It’s pretty hard these days to find someone who hasn’t taken an Uber ride, or at least someone who hasn’t heard of the ubiquitous ride-share company. Uber has made strong headway into our lives, changing the way we get around and threatening the “ancient” way of life for city hall-backed, taxi medallion-holders in major cities everywhere.
The app-driven, decentralized ride-share company is hardly the only denizen of the new p2p economy blossoming worldwide. We now seem to have a “shared” version of everything:
- Airbnb for vacation rooms
- Liquid for bicycle rentals
- DogVacay for well…kenneling your dog
- Lending Club for peer to peer lending
- Heal for medical house calls
There’s even a way for you to get someone to do your household chores for you: “TaskRabbit“.
Interestingly, want to know what started it all? eBay.
You’ll also find it interesting that the one thing each of these shared economy businesses have in common other than their underlying philosophy of collaborative consumption, is that they rely on peer reviews…heavily.
Businesses like Uber need review systems
After all, what helped Amazon rise to the top, if it wasn’t their amazingly huge customer review database and the trust we learned to put in their star rating system for goods? The commercial internet is a rough, wild world and someone needs to police it…why not all of us together?
That’s just what’s happening with Uber as well..only it works both ways of course. You’ve long been well aware that Uber drivers have ratings and you’re probably catching on to the fact that passengers have ratings as well. In a world that’s gone wrong with civility and politeness towards those who work in the service economy, it’s a welcome development, too.
There’s definitely a need for peer review systems that work both ways
In the shared economy, anyone with some cash can hire out the most mundane parts of life…shopping, driving, cleaning, cooking. For a short time, we get to feel like we’re living in a Downton Abbey world, with servants at our disposal.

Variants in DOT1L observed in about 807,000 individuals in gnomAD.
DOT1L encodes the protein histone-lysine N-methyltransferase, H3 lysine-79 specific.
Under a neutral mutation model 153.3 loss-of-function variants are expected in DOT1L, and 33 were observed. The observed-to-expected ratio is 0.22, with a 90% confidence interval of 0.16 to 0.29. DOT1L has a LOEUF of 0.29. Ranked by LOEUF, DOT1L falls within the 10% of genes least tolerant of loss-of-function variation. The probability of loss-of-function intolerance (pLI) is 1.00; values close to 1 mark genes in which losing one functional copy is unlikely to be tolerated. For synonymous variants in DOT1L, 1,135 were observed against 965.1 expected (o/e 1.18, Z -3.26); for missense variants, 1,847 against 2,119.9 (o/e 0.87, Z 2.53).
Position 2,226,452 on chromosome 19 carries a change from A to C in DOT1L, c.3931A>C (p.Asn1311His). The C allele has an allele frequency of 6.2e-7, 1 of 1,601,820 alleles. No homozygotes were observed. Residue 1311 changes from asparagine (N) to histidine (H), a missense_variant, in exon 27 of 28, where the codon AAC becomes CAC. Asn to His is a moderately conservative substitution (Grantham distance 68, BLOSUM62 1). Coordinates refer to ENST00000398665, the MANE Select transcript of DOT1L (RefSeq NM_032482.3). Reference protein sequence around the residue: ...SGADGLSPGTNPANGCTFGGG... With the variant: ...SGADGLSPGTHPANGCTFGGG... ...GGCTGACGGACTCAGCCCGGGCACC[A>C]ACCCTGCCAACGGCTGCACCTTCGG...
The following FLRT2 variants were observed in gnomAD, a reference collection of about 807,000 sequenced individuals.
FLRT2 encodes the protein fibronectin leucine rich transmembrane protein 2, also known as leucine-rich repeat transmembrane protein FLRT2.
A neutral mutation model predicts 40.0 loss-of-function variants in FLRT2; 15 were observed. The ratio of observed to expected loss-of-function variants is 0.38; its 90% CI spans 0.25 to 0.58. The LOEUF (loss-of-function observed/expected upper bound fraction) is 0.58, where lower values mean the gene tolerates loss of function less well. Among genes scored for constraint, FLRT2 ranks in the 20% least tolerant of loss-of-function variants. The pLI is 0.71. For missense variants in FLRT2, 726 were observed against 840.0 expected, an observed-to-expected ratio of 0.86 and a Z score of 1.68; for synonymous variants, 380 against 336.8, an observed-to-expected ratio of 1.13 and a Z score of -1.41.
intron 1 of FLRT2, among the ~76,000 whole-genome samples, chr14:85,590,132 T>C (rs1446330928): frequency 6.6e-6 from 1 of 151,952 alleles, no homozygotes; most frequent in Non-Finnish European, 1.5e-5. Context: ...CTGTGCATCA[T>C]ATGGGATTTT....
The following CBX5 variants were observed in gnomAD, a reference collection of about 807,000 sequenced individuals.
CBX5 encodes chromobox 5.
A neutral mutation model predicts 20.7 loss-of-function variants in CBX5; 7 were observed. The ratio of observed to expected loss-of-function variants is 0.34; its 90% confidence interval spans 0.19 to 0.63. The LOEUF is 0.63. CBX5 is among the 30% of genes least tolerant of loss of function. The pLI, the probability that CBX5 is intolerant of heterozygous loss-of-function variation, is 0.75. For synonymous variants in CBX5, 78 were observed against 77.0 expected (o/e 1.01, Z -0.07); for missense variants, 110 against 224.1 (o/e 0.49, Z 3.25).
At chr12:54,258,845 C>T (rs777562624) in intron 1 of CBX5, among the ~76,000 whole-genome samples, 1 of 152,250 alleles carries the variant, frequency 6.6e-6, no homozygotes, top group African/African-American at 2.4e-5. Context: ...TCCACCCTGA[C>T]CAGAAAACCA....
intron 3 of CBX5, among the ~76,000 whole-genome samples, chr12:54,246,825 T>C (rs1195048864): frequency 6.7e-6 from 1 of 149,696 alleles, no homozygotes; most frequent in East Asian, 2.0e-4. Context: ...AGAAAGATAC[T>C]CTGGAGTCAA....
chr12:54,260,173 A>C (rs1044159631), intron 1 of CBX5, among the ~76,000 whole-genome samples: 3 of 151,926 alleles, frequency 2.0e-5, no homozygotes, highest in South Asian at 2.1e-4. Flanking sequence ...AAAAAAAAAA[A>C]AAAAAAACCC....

But so many of us don’t know how to treat service people or simply don’t know how to behave in a civil manner towards anyone in public. We blame our taxi driver for traffic jams. We stare at our phones instead of saying hello. We don’t bother to appear on time after calling a cab. We leave our garbage for others to pick up. (These are common Uber driver complaints, by the way).
The one big difference between those Downton Abbey people and most of us is that they were kind and respectful to their servants, for the most part. They may have had outdated notions about class, but on the outside they were respectful, and that’s all that’s needed in an Uber-like situation…respect and superficial pleasantries. It’s pretty much a microcosm of what the world needs more of…civil behavior towards strangers.
Uber sets the pace
If you read the news, you’ll notice a lot of Uber talk. Uber may not be the first p2p business or even the biggest, but they might just be the most radical and aggressive. They have to be, since they’re upsetting the status quo for that city hall-taxi medallion fortress of kickbacks, price-fixing, and protectionism we mentioned earlier. It gets them in the news a lot.
We’ve even adopted the word “Uber” with a capital “U” to stand for any new p2p business. We talk of the “Uber for dog walkers” or the “Uberization of health care”. Airbnb is as famous as Uber, but their name just doesn’t lend itself to commonizing and doesn’t roll off the tongue the same way “Uber” does.
There’s another aspect of Uber that’s quite revolutionary and newsworthy as well: their rider review system. That’s right: drivers get to rate riders, too, on a 1-5 star scale.
And there are consequences.
Riders who repeatedly get low reviews from Uber drivers will soon find it’s hard to get a ride. Nobody will want to pick them up for fear of ending up with a bad rider experience. That can mean wasting time parked in front of a rider’s home while she applies lipstick in her front hall mirror. It can also mean having to clean up vomit left in the back seat after a rider’s drunken journey ends in mishap.
Eventually, riders can get effectively ostracized (blacklisted) for being rude, sloppy, late, or even just for being arrogant.
Uber is trying to get us to behave, and it’s working
The latest development in Uber world is that customers are aching to see their own ratings. Currently, the Uber app does not show these ratings. There are supposedly some hacks out there for obtaining your Uber score, but every time they’re published, Uber changes their code and ratings become hidden again.
People have tried emailing Uber with sporadic luck, so asking your Uber driver might still be the best way to find out what they think of you.
But the best way to think about your own Uber score is simply to stop being inappropriately nasty, rude, or selfish when you’re in an Uber car…or elsewhere in public for that matter.